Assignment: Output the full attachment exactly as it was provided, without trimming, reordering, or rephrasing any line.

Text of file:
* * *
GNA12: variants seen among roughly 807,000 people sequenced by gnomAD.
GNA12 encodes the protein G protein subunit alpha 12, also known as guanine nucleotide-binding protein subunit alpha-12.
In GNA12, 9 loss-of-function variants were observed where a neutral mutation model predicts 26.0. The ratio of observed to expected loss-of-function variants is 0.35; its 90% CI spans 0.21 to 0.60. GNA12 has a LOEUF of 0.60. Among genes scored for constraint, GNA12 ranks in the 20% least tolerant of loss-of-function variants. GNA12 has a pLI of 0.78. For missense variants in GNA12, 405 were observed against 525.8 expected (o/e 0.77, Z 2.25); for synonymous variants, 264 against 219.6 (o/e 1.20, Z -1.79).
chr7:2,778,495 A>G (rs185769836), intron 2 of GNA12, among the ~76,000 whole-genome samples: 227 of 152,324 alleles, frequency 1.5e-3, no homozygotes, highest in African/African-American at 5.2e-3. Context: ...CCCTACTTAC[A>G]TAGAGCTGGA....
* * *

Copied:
GNA12: variants seen among roughly 807,000 people sequenced by gnomAD.
GNA12 encodes the protein G protein subunit alpha 12, also known as guanine nucleotide-binding protein subunit alpha-12.
In GNA12, 9 loss-of-function variants were observed where a neutral mutation model predicts 26.0. The ratio of observed to expected loss-of-function variants is 0.35; its 90% CI spans 0.21 to 0.60. GNA12 has a LOEUF of 0.60. Among genes scored for constraint, GNA12 ranks in the 20% least tolerant of loss-of-function variants. GNA12 has a pLI of 0.78. For missense variants in GNA12, 405 were observed against 525.8 expected (o/e 0.77, Z 2.25); for synonymous variants, 264 against 219.6 (o/e 1.20, Z -1.79).
chr7:2,778,495 A>G (rs185769836), intron 2 of GNA12, among the ~76,000 whole-genome samples: 227 of 152,324 alleles, frequency 1.5e-3, no homozygotes, highest in African/African-American at 5.2e-3. Context: ...CCCTACTTAC[A>G]TAGAGCTGGA....